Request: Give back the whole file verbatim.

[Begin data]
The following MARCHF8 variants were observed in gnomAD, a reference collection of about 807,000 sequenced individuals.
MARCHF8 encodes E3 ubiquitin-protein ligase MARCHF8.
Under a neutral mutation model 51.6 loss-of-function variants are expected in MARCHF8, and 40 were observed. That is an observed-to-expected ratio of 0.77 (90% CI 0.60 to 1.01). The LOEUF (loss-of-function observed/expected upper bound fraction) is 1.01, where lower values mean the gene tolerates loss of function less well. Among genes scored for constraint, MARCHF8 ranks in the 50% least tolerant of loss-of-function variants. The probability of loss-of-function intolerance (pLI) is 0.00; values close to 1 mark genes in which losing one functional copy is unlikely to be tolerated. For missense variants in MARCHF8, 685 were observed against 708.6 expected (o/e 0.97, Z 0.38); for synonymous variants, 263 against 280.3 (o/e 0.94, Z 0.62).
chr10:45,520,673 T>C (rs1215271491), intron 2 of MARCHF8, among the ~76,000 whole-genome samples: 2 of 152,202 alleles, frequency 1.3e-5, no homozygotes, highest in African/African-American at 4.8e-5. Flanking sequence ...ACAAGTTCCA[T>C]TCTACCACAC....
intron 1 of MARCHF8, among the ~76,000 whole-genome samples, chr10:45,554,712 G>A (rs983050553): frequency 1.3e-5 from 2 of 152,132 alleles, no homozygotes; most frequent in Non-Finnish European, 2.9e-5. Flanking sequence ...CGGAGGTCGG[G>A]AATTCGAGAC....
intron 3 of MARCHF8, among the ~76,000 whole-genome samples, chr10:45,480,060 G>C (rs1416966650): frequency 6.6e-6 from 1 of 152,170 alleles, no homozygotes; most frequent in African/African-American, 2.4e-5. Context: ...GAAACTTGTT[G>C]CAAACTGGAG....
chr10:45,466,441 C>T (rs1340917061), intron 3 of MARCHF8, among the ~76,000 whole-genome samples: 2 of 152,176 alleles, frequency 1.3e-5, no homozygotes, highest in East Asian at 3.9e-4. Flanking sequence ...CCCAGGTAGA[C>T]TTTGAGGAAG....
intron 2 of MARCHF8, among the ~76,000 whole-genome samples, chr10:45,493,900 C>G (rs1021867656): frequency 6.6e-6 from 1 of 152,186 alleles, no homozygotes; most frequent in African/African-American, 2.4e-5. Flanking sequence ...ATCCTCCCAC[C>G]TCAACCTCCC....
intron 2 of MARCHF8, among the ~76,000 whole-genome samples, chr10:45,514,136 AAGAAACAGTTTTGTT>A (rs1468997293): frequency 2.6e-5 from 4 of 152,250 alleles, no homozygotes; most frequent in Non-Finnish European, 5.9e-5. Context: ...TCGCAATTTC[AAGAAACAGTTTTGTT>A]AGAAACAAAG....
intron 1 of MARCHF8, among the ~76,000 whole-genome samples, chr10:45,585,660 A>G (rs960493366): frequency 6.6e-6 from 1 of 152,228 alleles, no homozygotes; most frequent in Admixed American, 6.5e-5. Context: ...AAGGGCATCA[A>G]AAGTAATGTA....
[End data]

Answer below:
The following MARCHF8 variants were observed in gnomAD, a reference collection of about 807,000 sequenced individuals.
MARCHF8 encodes E3 ubiquitin-protein ligase MARCHF8.
Under a neutral mutation model 51.6 loss-of-function variants are expected in MARCHF8, and 40 were observed. That is an observed-to-expected ratio of 0.77 (90% CI 0.60 to 1.01). The LOEUF (loss-of-function observed/expected upper bound fraction) is 1.01, where lower values mean the gene tolerates loss of function less well. Among genes scored for constraint, MARCHF8 ranks in the 50% least tolerant of loss-of-function variants. The probability of loss-of-function intolerance (pLI) is 0.00; values close to 1 mark genes in which losing one functional copy is unlikely to be tolerated. For missense variants in MARCHF8, 685 were observed against 708.6 expected (o/e 0.97, Z 0.38); for synonymous variants, 263 against 280.3 (o/e 0.94, Z 0.62).
chr10:45,520,673 T>C (rs1215271491), intron 2 of MARCHF8, among the ~76,000 whole-genome samples: 2 of 152,202 alleles, frequency 1.3e-5, no homozygotes, highest in African/African-American at 4.8e-5. Flanking sequence ...ACAAGTTCCA[T>C]TCTACCACAC....
intron 1 of MARCHF8, among the ~76,000 whole-genome samples, chr10:45,554,712 G>A (rs983050553): frequency 1.3e-5 from 2 of 152,132 alleles, no homozygotes; most frequent in Non-Finnish European, 2.9e-5. Flanking sequence ...CGGAGGTCGG[G>A]AATTCGAGAC....
intron 3 of MARCHF8, among the ~76,000 whole-genome samples, chr10:45,480,060 G>C (rs1416966650): frequency 6.6e-6 from 1 of 152,170 alleles, no homozygotes; most frequent in African/African-American, 2.4e-5. Context: ...GAAACTTGTT[G>C]CAAACTGGAG....
chr10:45,466,441 C>T (rs1340917061), intron 3 of MARCHF8, among the ~76,000 whole-genome samples: 2 of 152,176 alleles, frequency 1.3e-5, no homozygotes, highest in East Asian at 3.9e-4. Flanking sequence ...CCCAGGTAGA[C>T]TTTGAGGAAG....
intron 2 of MARCHF8, among the ~76,000 whole-genome samples, chr10:45,493,900 C>G (rs1021867656): frequency 6.6e-6 from 1 of 152,186 alleles, no homozygotes; most frequent in African/African-American, 2.4e-5. Flanking sequence ...ATCCTCCCAC[C>G]TCAACCTCCC....
intron 2 of MARCHF8, among the ~76,000 whole-genome samples, chr10:45,514,136 AAGAAACAGTTTTGTT>A (rs1468997293): frequency 2.6e-5 from 4 of 152,250 alleles, no homozygotes; most frequent in Non-Finnish European, 5.9e-5. Context: ...TCGCAATTTC[AAGAAACAGTTTTGTT>A]AGAAACAAAG....
intron 1 of MARCHF8, among the ~76,000 whole-genome samples, chr10:45,585,660 A>G (rs960493366): frequency 6.6e-6 from 1 of 152,228 alleles, no homozygotes; most frequent in Admixed American, 6.5e-5. Context: ...AAGGGCATCA[A>G]AAGTAATGTA....